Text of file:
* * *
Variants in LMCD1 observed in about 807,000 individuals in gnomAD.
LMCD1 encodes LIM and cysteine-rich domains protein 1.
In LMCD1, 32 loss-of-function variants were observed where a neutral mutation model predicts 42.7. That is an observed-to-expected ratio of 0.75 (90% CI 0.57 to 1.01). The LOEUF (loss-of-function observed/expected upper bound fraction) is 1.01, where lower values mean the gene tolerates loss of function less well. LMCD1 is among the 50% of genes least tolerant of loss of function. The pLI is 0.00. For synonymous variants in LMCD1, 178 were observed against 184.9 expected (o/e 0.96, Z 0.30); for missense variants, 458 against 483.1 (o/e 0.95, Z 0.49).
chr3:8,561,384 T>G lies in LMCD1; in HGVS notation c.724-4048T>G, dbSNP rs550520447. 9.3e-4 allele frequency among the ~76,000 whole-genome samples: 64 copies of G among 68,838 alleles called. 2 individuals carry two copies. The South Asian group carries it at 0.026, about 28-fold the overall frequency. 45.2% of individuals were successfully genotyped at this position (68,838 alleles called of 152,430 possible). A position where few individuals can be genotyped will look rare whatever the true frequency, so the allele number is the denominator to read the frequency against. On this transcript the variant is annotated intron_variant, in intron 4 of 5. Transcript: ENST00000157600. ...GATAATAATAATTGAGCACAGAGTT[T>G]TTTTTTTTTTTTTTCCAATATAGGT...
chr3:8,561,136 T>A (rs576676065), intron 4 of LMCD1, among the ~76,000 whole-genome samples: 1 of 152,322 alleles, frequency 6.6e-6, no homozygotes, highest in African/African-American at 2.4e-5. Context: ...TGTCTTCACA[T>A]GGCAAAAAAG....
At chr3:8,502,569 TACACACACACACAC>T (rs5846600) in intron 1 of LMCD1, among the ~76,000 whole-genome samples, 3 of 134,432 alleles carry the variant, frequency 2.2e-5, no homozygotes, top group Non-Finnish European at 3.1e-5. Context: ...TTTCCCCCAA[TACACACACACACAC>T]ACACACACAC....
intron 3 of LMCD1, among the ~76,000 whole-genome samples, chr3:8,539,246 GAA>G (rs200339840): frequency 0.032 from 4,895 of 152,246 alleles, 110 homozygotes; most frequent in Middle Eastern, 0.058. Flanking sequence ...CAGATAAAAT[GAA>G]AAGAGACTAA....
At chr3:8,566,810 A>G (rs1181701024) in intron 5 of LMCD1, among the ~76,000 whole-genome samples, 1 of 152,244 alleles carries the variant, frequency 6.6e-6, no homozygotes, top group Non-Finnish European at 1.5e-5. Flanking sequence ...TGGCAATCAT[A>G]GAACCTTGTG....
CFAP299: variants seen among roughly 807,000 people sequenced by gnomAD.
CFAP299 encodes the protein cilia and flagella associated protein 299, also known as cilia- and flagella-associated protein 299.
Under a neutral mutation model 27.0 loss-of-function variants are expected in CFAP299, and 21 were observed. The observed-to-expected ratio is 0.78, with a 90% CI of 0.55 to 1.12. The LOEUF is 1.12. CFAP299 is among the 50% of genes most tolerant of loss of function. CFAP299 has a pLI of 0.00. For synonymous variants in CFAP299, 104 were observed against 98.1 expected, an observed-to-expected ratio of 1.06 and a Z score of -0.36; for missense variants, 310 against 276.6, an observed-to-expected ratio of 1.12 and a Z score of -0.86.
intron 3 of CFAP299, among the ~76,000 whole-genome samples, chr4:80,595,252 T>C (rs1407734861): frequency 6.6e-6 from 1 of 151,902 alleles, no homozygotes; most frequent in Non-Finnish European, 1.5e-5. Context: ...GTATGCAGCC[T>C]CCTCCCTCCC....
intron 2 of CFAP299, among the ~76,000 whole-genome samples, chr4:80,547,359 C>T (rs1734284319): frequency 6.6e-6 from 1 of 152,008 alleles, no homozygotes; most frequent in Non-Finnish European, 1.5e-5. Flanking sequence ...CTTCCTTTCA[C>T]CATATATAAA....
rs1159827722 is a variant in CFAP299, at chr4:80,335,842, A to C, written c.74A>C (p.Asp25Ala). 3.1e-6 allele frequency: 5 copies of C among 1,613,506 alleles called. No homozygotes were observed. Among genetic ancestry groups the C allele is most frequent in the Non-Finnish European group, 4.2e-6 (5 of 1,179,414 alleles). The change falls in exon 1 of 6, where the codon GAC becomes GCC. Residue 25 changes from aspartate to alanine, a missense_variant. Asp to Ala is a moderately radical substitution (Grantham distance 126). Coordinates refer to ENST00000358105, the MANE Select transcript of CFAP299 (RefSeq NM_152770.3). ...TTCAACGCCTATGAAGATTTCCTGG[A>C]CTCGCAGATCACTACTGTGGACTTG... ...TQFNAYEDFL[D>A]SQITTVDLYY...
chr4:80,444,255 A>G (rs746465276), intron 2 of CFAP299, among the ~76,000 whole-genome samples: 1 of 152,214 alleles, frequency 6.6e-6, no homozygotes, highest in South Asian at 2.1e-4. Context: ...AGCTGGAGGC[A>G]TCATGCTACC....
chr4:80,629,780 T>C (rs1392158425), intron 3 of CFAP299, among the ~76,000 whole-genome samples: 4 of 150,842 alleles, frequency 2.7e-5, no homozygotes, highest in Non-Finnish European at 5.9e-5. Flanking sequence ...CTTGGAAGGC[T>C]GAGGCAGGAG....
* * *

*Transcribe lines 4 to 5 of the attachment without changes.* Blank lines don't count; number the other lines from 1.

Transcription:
chr3:8,561,384 T>G lies in LMCD1; in HGVS notation c.724-4048T>G, dbSNP rs550520447. 9.3e-4 allele frequency among the ~76,000 whole-genome samples: 64 copies of G among 68,838 alleles called. 2 individuals carry two copies. The South Asian group carries it at 0.026, about 28-fold the overall frequency. 45.2% of individuals were successfully genotyped at this position (68,838 alleles called of 152,430 possible). A position where few individuals can be genotyped will look rare whatever the true frequency, so the allele number is the denominator to read the frequency against. On this transcript the variant is annotated intron_variant, in intron 4 of 5. Transcript: ENST00000157600. ...GATAATAATAATTGAGCACAGAGTT[T>G]TTTTTTTTTTTTTTCCAATATAGGT...
chr3:8,561,136 T>A (rs576676065), intron 4 of LMCD1, among the ~76,000 whole-genome samples: 1 of 152,322 alleles, frequency 6.6e-6, no homozygotes, highest in African/African-American at 2.4e-5. Context: ...TGTCTTCACA[T>A]GGCAAAAAAG....